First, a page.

Looking at prefaces
For the modern reader, the preface, if we notice it at all, is just a few pages at the start of a book that we flick through on our way to chapter 1. Perhaps the only exception to this is if the book is written by a friend or colleague. In that case, we’re more likely to read through the preface carefully, to see whether we are amongst those who have merited a mention. In many ways, a preface is like our appendix - small, inessential, and only noticed if it causes us pain.
We check to see if we have rated a mention in the preface, because prefaces are largely about relationships. In them, we get a sense of the relationships that are important to an author, the friendships and collaborations that he or she values. While the early modern preface was often a far grander, more elaborate, and more prominent affair, it served essentially the same purpose - to highlight the importance of the author’s relationships. Sometimes, these relationships are only captured, or are most clearly captured, in prefaces. It is this that gives them their importance for historians and literary scholars.
It is only relatively recently that scholars have begun to focus on the importance of paratext - those elements of a book that do not form part of the main text, but which appear alongside it. Prefaces are one of the most common forms of paratext in early modern printed books. Not all authors included one, but many did – and sometimes they were substantial. Indeed, in some cases, the literary text seems to have been less important than the preface. The posthumous quarto of William Cartwright’s Comedies, Tragi-comedies, with other poems (1651), for example, has over one-hundred pages of prefatory matter: a frontispiece, dedication, epistle to readers, and commendatory poems from friends of the author.
In the words of Heidi Brayman Hackel, It is:
‘the business of the preface is to shape each unknown reader into a receptive, pleasant reader.’
Prefaces allowed early modern authors to set their readers expectations, to instruct them in the true significance of the work they were about to read, and to prepare them to respond properly to it.
We can see this process at work in Thomas More’s Utopia (1516). Utopia is prefaced with a number of letters purporting to be written by some of the biggest names in contemporary European scholarship. These letters are an important part of the joke of Utopia. Not only do they control how the reader might read, and understand, the text, they provide a fascinating evocation of the interconnected world of early modern scholarship.
Fig 1. On the left is Erasmus’ letter to John Froben in Thomas More’s De optimo reip. statu, deque noua insula Vtopia… (Basel, 1518), title verso. (Click to expand) On the right is Thomas More’s letter to Peter Giles in More’s De optimo reip. statu, deque noua insula Vtopia… (Basel, 1518). p. 17. (Click to expand) (C) Universitätsbibliothek Basel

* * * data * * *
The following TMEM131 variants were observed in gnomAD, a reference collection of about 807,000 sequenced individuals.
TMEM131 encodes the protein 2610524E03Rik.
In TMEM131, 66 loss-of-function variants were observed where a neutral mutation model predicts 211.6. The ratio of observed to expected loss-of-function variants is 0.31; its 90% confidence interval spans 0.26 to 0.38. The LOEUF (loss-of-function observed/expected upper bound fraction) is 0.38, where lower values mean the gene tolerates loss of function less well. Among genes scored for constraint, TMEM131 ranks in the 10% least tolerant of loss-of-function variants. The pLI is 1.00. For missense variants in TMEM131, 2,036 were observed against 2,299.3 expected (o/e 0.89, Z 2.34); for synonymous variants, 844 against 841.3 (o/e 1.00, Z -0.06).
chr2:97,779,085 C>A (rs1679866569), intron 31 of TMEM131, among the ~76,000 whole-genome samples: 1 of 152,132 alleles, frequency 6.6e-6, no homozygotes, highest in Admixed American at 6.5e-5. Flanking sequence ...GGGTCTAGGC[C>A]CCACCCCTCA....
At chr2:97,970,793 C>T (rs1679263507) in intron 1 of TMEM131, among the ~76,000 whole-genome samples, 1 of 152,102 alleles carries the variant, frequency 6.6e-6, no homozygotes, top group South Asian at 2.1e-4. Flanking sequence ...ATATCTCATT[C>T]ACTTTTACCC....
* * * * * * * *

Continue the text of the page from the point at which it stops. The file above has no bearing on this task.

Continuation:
This use of the preface commonly happened on a more modest scale. In this edition of Philip Sidney’s Countesse of Pembroke’s Arcadia, printed in Dublin in 1621 the prefatory epistle ‘To The Reader’ is concerned to provide the reader with a framework for understanding the work. Unusually, this preface was provided, not by the author or the editor, but by Hugh Sanford, secretary to the Countess of Pembroke’s husband, Henry Herbert, 2nd Earl of Pembroke (d.1601). Sanford’s preface is a description and a defence of the significant changes and additions made by Mary Herbert (1561-1621) the Countess of Pembroke (who was Philip Sidney’s sister) to the text of the Arcadia.
Fig 2. Hugh Sandford’s letter ‘To The Reader’, from Philip Sidney, The Countesse of Pembroke’s Arcadia. Written by Sir Philip Sidney Knight, (Dublin, 1621).
As well as Sanford’s letter to the reader, this edition includes Sidney’s letter to his sister. Although ostensibly an intimate piece of correspondence, it is designed to inform the reader about the closeness of the relationship between the author and his sister, and, by means of a typically early modern ‘humble-brag’, to let us know that, although Sidney doesn’t think the poem is up to much, his distinguished and sophisticated sister loves it.
Fig 3. ‘To my deare lady and sister’, from Philip Sidney, The Countesse of Pembroke’s Arcadia. Written by Sir Philip Sidney Knight, (Dublin, 1621).
Sidney’s epistle to his sister is an example of the other sort of relationship that the early modern preface demonstrated – not with readers of the book, but with the patrons of the author. Many early modern authors depended on wealthy and aristocratic patrons for financial and political support, and a preface eulogising the patron’s status as a judicious and generous supporter of literature was recognised as appropriate recompense for their investment.
With its list of sonnets addressed to a range of important people. Edmund Spenser’s Faerie Queen (1590) is a particularly famous – or infamous – example of this use of the preface. It is also highly unusual in that the preface comes, not at the front of the book, where we might expect it to be, but at the back, leaving the place of prominence for the dedication to Elizabeth I (1533-1603). There is debate about whether this positioning reflects Spenser’s intention or a printer’s error, but whichever explanation is correct, the prefatory sonnets are an outstanding example of the ways in which early modern paratexts can help us to locate books in their social, intellect, and political contexts.
Fig 4. Prefatory sonnets from Edmund Spenser, The faerie qveen, (London, 1609).
- Look at the preface of a book on your shelf. What does it tell you about the relationships that were important to the author or how s/he expects the book to be read?
Dr Mark Sweetnam, School of English, Trinity College Dublin
© Trinity College Dublin